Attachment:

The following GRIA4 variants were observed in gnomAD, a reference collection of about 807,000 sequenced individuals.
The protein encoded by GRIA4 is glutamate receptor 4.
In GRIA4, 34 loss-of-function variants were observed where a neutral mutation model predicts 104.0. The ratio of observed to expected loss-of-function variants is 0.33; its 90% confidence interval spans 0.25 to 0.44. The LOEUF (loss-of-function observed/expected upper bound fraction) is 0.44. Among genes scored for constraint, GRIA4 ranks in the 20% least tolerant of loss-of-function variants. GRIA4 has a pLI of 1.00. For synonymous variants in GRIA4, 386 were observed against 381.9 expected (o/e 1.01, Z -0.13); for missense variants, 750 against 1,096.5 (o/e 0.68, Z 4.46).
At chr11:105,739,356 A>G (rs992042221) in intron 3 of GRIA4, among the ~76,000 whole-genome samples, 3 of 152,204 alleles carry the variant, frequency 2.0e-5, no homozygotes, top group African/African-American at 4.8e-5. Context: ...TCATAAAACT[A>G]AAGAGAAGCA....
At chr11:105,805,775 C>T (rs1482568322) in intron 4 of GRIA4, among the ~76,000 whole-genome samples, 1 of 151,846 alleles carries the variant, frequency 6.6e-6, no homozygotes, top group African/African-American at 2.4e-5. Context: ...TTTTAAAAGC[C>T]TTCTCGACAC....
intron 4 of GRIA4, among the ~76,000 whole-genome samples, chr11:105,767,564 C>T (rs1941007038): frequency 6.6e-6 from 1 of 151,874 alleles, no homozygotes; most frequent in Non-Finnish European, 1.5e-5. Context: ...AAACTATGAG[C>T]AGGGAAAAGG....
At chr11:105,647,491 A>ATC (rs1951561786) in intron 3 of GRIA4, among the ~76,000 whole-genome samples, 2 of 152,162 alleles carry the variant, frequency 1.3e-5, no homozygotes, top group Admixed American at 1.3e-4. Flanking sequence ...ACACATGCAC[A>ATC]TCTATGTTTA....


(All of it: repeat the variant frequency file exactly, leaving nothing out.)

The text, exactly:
The following GRIA4 variants were observed in gnomAD, a reference collection of about 807,000 sequenced individuals.
The protein encoded by GRIA4 is glutamate receptor 4.
In GRIA4, 34 loss-of-function variants were observed where a neutral mutation model predicts 104.0. The ratio of observed to expected loss-of-function variants is 0.33; its 90% confidence interval spans 0.25 to 0.44. The LOEUF (loss-of-function observed/expected upper bound fraction) is 0.44. Among genes scored for constraint, GRIA4 ranks in the 20% least tolerant of loss-of-function variants. GRIA4 has a pLI of 1.00. For synonymous variants in GRIA4, 386 were observed against 381.9 expected (o/e 1.01, Z -0.13); for missense variants, 750 against 1,096.5 (o/e 0.68, Z 4.46).
At chr11:105,739,356 A>G (rs992042221) in intron 3 of GRIA4, among the ~76,000 whole-genome samples, 3 of 152,204 alleles carry the variant, frequency 2.0e-5, no homozygotes, top group African/African-American at 4.8e-5. Context: ...TCATAAAACT[A>G]AAGAGAAGCA....
At chr11:105,805,775 C>T (rs1482568322) in intron 4 of GRIA4, among the ~76,000 whole-genome samples, 1 of 151,846 alleles carries the variant, frequency 6.6e-6, no homozygotes, top group African/African-American at 2.4e-5. Context: ...TTTTAAAAGC[C>T]TTCTCGACAC....
intron 4 of GRIA4, among the ~76,000 whole-genome samples, chr11:105,767,564 C>T (rs1941007038): frequency 6.6e-6 from 1 of 151,874 alleles, no homozygotes; most frequent in Non-Finnish European, 1.5e-5. Context: ...AAACTATGAG[C>T]AGGGAAAAGG....
At chr11:105,647,491 A>ATC (rs1951561786) in intron 3 of GRIA4, among the ~76,000 whole-genome samples, 2 of 152,162 alleles carry the variant, frequency 1.3e-5, no homozygotes, top group Admixed American at 1.3e-4. Flanking sequence ...ACACATGCAC[A>ATC]TCTATGTTTA....